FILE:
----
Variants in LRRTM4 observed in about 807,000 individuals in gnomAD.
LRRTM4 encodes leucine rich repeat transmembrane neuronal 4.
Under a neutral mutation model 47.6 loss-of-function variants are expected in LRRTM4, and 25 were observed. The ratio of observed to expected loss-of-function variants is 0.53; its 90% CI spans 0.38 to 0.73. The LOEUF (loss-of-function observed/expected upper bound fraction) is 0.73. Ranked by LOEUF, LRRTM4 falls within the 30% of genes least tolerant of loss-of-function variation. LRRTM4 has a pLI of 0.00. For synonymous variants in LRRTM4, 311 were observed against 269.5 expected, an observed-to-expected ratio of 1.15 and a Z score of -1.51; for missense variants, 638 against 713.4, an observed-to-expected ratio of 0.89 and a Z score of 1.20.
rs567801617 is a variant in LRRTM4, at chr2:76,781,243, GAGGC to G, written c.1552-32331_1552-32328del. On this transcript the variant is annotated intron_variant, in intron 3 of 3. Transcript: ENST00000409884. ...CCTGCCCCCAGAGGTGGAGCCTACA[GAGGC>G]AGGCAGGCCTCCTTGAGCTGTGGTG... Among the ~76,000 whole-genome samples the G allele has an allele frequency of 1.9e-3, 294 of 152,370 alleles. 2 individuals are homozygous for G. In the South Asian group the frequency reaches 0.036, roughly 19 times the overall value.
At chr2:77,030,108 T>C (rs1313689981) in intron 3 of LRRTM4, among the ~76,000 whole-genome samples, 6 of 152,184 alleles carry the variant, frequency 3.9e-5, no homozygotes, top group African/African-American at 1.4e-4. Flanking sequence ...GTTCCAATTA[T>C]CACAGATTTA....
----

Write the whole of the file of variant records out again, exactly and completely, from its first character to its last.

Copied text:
Variants in LRRTM4 observed in about 807,000 individuals in gnomAD.
LRRTM4 encodes leucine rich repeat transmembrane neuronal 4.
Under a neutral mutation model 47.6 loss-of-function variants are expected in LRRTM4, and 25 were observed. The ratio of observed to expected loss-of-function variants is 0.53; its 90% CI spans 0.38 to 0.73. The LOEUF (loss-of-function observed/expected upper bound fraction) is 0.73. Ranked by LOEUF, LRRTM4 falls within the 30% of genes least tolerant of loss-of-function variation. LRRTM4 has a pLI of 0.00. For synonymous variants in LRRTM4, 311 were observed against 269.5 expected, an observed-to-expected ratio of 1.15 and a Z score of -1.51; for missense variants, 638 against 713.4, an observed-to-expected ratio of 0.89 and a Z score of 1.20.
rs567801617 is a variant in LRRTM4, at chr2:76,781,243, GAGGC to G, written c.1552-32331_1552-32328del. On this transcript the variant is annotated intron_variant, in intron 3 of 3. Transcript: ENST00000409884. ...CCTGCCCCCAGAGGTGGAGCCTACA[GAGGC>G]AGGCAGGCCTCCTTGAGCTGTGGTG... Among the ~76,000 whole-genome samples the G allele has an allele frequency of 1.9e-3, 294 of 152,370 alleles. 2 individuals are homozygous for G. In the South Asian group the frequency reaches 0.036, roughly 19 times the overall value.
At chr2:77,030,108 T>C (rs1313689981) in intron 3 of LRRTM4, among the ~76,000 whole-genome samples, 6 of 152,184 alleles carry the variant, frequency 3.9e-5, no homozygotes, top group African/African-American at 1.4e-4. Flanking sequence ...GTTCCAATTA[T>C]CACAGATTTA....